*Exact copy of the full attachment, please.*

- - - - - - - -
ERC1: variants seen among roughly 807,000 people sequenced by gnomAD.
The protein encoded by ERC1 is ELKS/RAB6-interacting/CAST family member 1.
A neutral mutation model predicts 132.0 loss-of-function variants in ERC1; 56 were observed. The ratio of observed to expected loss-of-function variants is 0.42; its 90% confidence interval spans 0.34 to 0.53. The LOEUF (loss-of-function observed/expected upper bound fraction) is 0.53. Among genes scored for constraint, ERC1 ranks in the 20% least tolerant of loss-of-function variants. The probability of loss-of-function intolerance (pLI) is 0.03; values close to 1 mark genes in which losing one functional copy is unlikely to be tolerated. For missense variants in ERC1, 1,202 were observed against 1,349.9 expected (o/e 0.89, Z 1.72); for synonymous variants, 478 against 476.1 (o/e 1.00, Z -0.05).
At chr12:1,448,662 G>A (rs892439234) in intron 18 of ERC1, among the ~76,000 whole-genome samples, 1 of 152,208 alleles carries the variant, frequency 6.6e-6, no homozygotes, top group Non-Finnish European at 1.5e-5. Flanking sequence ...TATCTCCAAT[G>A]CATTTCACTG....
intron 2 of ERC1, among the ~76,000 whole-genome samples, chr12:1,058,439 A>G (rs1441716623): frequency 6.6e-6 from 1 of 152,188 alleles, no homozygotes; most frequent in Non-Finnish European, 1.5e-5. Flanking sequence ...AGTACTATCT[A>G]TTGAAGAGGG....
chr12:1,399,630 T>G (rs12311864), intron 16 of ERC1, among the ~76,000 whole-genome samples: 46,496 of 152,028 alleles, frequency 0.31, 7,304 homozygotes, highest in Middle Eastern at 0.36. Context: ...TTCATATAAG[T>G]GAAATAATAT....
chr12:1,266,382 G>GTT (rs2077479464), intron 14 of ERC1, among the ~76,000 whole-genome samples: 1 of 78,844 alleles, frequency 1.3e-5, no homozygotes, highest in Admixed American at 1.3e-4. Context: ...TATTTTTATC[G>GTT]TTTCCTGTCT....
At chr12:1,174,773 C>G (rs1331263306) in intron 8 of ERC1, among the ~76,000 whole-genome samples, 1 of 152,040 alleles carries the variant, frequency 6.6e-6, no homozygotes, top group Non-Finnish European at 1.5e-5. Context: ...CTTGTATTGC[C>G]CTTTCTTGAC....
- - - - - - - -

ERC1: variants seen among roughly 807,000 people sequenced by gnomAD.
The protein encoded by ERC1 is ELKS/RAB6-interacting/CAST family member 1.
A neutral mutation model predicts 132.0 loss-of-function variants in ERC1; 56 were observed. The ratio of observed to expected loss-of-function variants is 0.42; its 90% confidence interval spans 0.34 to 0.53. The LOEUF (loss-of-function observed/expected upper bound fraction) is 0.53. Among genes scored for constraint, ERC1 ranks in the 20% least tolerant of loss-of-function variants. The probability of loss-of-function intolerance (pLI) is 0.03; values close to 1 mark genes in which losing one functional copy is unlikely to be tolerated. For missense variants in ERC1, 1,202 were observed against 1,349.9 expected (o/e 0.89, Z 1.72); for synonymous variants, 478 against 476.1 (o/e 1.00, Z -0.05).
At chr12:1,448,662 G>A (rs892439234) in intron 18 of ERC1, among the ~76,000 whole-genome samples, 1 of 152,208 alleles carries the variant, frequency 6.6e-6, no homozygotes, top group Non-Finnish European at 1.5e-5. Flanking sequence ...TATCTCCAAT[G>A]CATTTCACTG....
intron 2 of ERC1, among the ~76,000 whole-genome samples, chr12:1,058,439 A>G (rs1441716623): frequency 6.6e-6 from 1 of 152,188 alleles, no homozygotes; most frequent in Non-Finnish European, 1.5e-5. Flanking sequence ...AGTACTATCT[A>G]TTGAAGAGGG....
chr12:1,399,630 T>G (rs12311864), intron 16 of ERC1, among the ~76,000 whole-genome samples: 46,496 of 152,028 alleles, frequency 0.31, 7,304 homozygotes, highest in Middle Eastern at 0.36. Context: ...TTCATATAAG[T>G]GAAATAATAT....
chr12:1,266,382 G>GTT (rs2077479464), intron 14 of ERC1, among the ~76,000 whole-genome samples: 1 of 78,844 alleles, frequency 1.3e-5, no homozygotes, highest in Admixed American at 1.3e-4. Context: ...TATTTTTATC[G>GTT]TTTCCTGTCT....
At chr12:1,174,773 C>G (rs1331263306) in intron 8 of ERC1, among the ~76,000 whole-genome samples, 1 of 152,040 alleles carries the variant, frequency 6.6e-6, no homozygotes, top group Non-Finnish European at 1.5e-5. Context: ...CTTGTATTGC[C>G]CTTTCTTGAC....